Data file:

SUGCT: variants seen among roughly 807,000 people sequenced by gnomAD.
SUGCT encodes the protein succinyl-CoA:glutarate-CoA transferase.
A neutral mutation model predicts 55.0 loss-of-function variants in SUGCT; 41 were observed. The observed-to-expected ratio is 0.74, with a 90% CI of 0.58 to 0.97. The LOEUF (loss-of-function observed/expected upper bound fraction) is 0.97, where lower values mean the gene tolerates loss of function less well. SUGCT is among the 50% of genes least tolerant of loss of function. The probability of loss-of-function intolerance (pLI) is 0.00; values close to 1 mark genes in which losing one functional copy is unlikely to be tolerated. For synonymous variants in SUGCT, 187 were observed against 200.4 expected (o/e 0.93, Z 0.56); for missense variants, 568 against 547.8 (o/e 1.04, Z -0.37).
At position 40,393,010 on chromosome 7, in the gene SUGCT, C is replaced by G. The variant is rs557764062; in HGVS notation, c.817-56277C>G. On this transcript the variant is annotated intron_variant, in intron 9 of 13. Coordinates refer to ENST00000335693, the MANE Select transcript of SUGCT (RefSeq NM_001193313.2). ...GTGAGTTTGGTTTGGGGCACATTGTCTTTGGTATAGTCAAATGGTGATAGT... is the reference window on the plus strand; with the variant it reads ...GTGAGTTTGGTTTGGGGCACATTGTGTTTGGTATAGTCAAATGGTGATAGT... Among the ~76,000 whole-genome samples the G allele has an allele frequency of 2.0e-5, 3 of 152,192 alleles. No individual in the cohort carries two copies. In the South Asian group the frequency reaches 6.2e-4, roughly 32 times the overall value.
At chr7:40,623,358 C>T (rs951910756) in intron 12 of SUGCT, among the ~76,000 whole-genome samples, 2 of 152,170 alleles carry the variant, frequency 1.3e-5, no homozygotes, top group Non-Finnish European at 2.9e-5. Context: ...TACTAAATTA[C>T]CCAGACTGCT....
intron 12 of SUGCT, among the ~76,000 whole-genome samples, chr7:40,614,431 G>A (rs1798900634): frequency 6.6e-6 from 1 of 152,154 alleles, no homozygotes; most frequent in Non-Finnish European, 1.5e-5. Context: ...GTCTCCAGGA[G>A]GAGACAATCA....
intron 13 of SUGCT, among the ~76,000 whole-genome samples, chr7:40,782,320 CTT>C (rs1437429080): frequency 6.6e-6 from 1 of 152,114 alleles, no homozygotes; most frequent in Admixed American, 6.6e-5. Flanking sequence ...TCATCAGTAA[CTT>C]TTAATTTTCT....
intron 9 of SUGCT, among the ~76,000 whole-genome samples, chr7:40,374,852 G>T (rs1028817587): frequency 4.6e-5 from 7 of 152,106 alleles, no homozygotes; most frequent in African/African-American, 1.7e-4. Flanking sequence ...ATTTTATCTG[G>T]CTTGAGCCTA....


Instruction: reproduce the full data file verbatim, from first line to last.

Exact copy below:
SUGCT: variants seen among roughly 807,000 people sequenced by gnomAD.
SUGCT encodes the protein succinyl-CoA:glutarate-CoA transferase.
A neutral mutation model predicts 55.0 loss-of-function variants in SUGCT; 41 were observed. The observed-to-expected ratio is 0.74, with a 90% CI of 0.58 to 0.97. The LOEUF (loss-of-function observed/expected upper bound fraction) is 0.97, where lower values mean the gene tolerates loss of function less well. SUGCT is among the 50% of genes least tolerant of loss of function. The probability of loss-of-function intolerance (pLI) is 0.00; values close to 1 mark genes in which losing one functional copy is unlikely to be tolerated. For synonymous variants in SUGCT, 187 were observed against 200.4 expected (o/e 0.93, Z 0.56); for missense variants, 568 against 547.8 (o/e 1.04, Z -0.37).
At position 40,393,010 on chromosome 7, in the gene SUGCT, C is replaced by G. The variant is rs557764062; in HGVS notation, c.817-56277C>G. On this transcript the variant is annotated intron_variant, in intron 9 of 13. Coordinates refer to ENST00000335693, the MANE Select transcript of SUGCT (RefSeq NM_001193313.2). ...GTGAGTTTGGTTTGGGGCACATTGTCTTTGGTATAGTCAAATGGTGATAGT... is the reference window on the plus strand; with the variant it reads ...GTGAGTTTGGTTTGGGGCACATTGTGTTTGGTATAGTCAAATGGTGATAGT... Among the ~76,000 whole-genome samples the G allele has an allele frequency of 2.0e-5, 3 of 152,192 alleles. No individual in the cohort carries two copies. In the South Asian group the frequency reaches 6.2e-4, roughly 32 times the overall value.
At chr7:40,623,358 C>T (rs951910756) in intron 12 of SUGCT, among the ~76,000 whole-genome samples, 2 of 152,170 alleles carry the variant, frequency 1.3e-5, no homozygotes, top group Non-Finnish European at 2.9e-5. Context: ...TACTAAATTA[C>T]CCAGACTGCT....
intron 12 of SUGCT, among the ~76,000 whole-genome samples, chr7:40,614,431 G>A (rs1798900634): frequency 6.6e-6 from 1 of 152,154 alleles, no homozygotes; most frequent in Non-Finnish European, 1.5e-5. Context: ...GTCTCCAGGA[G>A]GAGACAATCA....
intron 13 of SUGCT, among the ~76,000 whole-genome samples, chr7:40,782,320 CTT>C (rs1437429080): frequency 6.6e-6 from 1 of 152,114 alleles, no homozygotes; most frequent in Admixed American, 6.6e-5. Flanking sequence ...TCATCAGTAA[CTT>C]TTAATTTTCT....
intron 9 of SUGCT, among the ~76,000 whole-genome samples, chr7:40,374,852 G>T (rs1028817587): frequency 4.6e-5 from 7 of 152,106 alleles, no homozygotes; most frequent in African/African-American, 1.7e-4. Flanking sequence ...ATTTTATCTG[G>T]CTTGAGCCTA....